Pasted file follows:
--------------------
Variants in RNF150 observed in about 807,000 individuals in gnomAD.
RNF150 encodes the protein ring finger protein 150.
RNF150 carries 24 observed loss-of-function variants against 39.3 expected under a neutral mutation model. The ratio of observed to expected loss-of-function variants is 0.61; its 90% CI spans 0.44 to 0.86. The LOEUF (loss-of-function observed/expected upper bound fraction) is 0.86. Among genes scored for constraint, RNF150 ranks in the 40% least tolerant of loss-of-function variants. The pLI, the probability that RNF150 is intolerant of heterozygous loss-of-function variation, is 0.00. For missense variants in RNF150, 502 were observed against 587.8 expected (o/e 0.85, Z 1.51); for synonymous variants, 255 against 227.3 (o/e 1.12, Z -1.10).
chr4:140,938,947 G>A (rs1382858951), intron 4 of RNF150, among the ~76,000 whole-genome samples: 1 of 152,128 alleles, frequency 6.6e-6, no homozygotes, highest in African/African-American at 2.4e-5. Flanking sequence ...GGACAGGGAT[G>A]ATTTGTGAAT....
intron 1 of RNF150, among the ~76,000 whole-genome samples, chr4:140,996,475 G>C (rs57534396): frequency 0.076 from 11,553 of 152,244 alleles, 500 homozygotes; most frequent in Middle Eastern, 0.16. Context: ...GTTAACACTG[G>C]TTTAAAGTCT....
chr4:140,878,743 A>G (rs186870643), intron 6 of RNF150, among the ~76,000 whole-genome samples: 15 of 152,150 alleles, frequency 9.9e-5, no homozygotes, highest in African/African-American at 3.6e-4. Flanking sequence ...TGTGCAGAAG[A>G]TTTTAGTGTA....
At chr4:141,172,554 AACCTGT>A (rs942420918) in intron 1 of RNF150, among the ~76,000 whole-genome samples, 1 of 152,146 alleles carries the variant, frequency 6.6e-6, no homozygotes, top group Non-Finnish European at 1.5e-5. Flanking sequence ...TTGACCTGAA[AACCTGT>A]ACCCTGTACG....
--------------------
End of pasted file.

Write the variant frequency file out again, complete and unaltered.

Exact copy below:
Variants in RNF150 observed in about 807,000 individuals in gnomAD.
RNF150 encodes the protein ring finger protein 150.
RNF150 carries 24 observed loss-of-function variants against 39.3 expected under a neutral mutation model. The ratio of observed to expected loss-of-function variants is 0.61; its 90% CI spans 0.44 to 0.86. The LOEUF (loss-of-function observed/expected upper bound fraction) is 0.86. Among genes scored for constraint, RNF150 ranks in the 40% least tolerant of loss-of-function variants. The pLI, the probability that RNF150 is intolerant of heterozygous loss-of-function variation, is 0.00. For missense variants in RNF150, 502 were observed against 587.8 expected (o/e 0.85, Z 1.51); for synonymous variants, 255 against 227.3 (o/e 1.12, Z -1.10).
chr4:140,938,947 G>A (rs1382858951), intron 4 of RNF150, among the ~76,000 whole-genome samples: 1 of 152,128 alleles, frequency 6.6e-6, no homozygotes, highest in African/African-American at 2.4e-5. Flanking sequence ...GGACAGGGAT[G>A]ATTTGTGAAT....
intron 1 of RNF150, among the ~76,000 whole-genome samples, chr4:140,996,475 G>C (rs57534396): frequency 0.076 from 11,553 of 152,244 alleles, 500 homozygotes; most frequent in Middle Eastern, 0.16. Context: ...GTTAACACTG[G>C]TTTAAAGTCT....
chr4:140,878,743 A>G (rs186870643), intron 6 of RNF150, among the ~76,000 whole-genome samples: 15 of 152,150 alleles, frequency 9.9e-5, no homozygotes, highest in African/African-American at 3.6e-4. Flanking sequence ...TGTGCAGAAG[A>G]TTTTAGTGTA....
At chr4:141,172,554 AACCTGT>A (rs942420918) in intron 1 of RNF150, among the ~76,000 whole-genome samples, 1 of 152,146 alleles carries the variant, frequency 6.6e-6, no homozygotes, top group Non-Finnish European at 1.5e-5. Flanking sequence ...TTGACCTGAA[AACCTGT>A]ACCCTGTACG....